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October 13, 2013

‘History has an equally futuristic aspect to it’

October 13, 2013

Karachi
History may be an account of the past, but it has an equally futuristic aspect. It presents us with lessons which we learn to ensure a future that is free of the blunders of the past. It is a great teacher about the future. Besides, it also gives us an insight into the minds and thought processes of those who shape history.
This was the consensus among speakers at the launch of Tareekh Bolti Hai (History Speaks), a compendium of noted journalist Nazir Leghari’s interviews with personages who shaped history. Leghari is the editor of the Urdu daily Jang, Karachi. The launch was held at the Karachi Press Club on Saturday evening.
Jamaat-e-Islami leader Muhammad Hussain Mehanti said history was the best teacher if we analysed it scientifically and in detail. Praising Leghari’s interviews, he said his interview with Benazir Bhutto in particular was profound, in that it showed how the mindset of politicians changed when they transited from the opposition to the government. He said these interviews also brought to the fore the contradictions in the South Asian region, like India’s chauvinism, and the dynastic hold over power in all the countries of the grouping which made democracy a self-defeating exercise and which stymied development of the region.
Muttahida Qaumi Movement leader Haider Abbas Rizvi said, “Leghari has the knack of digging up issues that may have been lost in the mists of time, and juxtaposes them on contemporary conditions.” He termed the book a window into the future, and said that it gave indications as to what could happen after the North Atlantic Treaty Organisation and International Security Assistance Force withdrawal from Afghanistan in 2014.
Lauding Leghari’s intellectual acumen, Nawa-i-Waqt Editor Saeed Khawar said that what was special about the book was that it contained his interviews with representatives of various civilisations. He said that while he fully condemned the Taliban, he could not favour

Malala, and said all this hullabaloo about Malala was an attempt to rewrite history in an attempt to influence it in favour of a certain school of thought, which was tantamount to intellectual dishonesty.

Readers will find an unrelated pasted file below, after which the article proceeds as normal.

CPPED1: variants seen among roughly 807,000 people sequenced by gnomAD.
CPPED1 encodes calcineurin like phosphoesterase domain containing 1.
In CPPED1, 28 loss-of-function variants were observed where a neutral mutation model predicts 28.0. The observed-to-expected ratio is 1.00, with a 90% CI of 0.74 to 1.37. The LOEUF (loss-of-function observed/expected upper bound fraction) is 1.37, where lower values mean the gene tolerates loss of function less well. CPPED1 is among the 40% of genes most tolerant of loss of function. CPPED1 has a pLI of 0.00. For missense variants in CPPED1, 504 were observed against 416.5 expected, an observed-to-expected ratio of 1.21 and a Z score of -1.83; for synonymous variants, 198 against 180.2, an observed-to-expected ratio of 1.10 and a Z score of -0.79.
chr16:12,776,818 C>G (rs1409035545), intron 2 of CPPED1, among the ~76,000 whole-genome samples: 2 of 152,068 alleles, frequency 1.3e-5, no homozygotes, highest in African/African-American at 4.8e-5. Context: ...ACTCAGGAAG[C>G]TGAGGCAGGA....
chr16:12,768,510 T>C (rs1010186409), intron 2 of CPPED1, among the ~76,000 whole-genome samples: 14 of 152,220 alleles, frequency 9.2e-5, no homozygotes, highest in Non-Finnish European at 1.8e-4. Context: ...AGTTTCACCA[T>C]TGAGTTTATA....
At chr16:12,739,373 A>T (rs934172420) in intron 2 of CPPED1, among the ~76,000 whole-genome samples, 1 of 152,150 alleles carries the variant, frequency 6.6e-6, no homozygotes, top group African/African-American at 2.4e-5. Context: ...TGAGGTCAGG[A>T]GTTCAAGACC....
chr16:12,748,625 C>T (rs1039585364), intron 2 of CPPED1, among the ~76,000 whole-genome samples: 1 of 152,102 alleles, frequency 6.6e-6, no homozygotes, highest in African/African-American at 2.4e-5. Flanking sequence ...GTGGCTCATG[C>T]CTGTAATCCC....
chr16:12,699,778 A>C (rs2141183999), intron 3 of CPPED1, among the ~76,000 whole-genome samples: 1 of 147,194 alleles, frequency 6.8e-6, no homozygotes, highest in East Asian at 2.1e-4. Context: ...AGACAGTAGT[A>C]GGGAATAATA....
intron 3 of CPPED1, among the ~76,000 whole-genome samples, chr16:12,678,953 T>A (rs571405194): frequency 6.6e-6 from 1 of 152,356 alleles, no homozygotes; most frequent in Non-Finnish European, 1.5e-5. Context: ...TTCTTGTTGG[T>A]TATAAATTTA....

BBC journalist Anwar Sen Roy credited Leghari with a sharp, retentive memory and a very analytical mind. Talking about the nature of Leghari’s interviews, he said that there was no such thing as total independence, but if one were astute and questioned his respondents in an adroit manner, he could always induce them to come out with the plain truth even without the respondents being aware of it, or compel them to do so.
Noted intellectual and former professor at the Moscow University, Dr Aliya Imam, said Leghari’s book was most timely, given today’s conditions where bloodshed and ethnic, racial and religious frenzy were ruling the roost. She termed Leghari a “beautiful person”.
In his highly intellectual discourse, renowned educationist Prof Anwar Ahmed Zai put Leghari on the same pedestal as Maulana Muhammad Ali Jauhar.
He said that while the book was an answer to many questions, all those answers crystallised into one question: how do we counter the problems of today? He said Leghari had elicited the answers to lots of questions from his respondents despite the latter’s reticence.
KPC President Imtiaz Faran praised Leghari’s endeavour and said the book had pivotal importance, in that it acquainted the reader with so many aspects of the politics of the region and the idiosyncrasies of the leaders that hitherto had not come into public view.
Leghari was so overcome by all the tributes and the flashbacks of his memories of his interviews and meetings with all his respondents that he spoke for a long time about them, which came as golden pieces of information to the guests.
Fazil Jamili, Editor, Jang website, compered the function. He also mentioned his highly amiable working relationship with Leghari.

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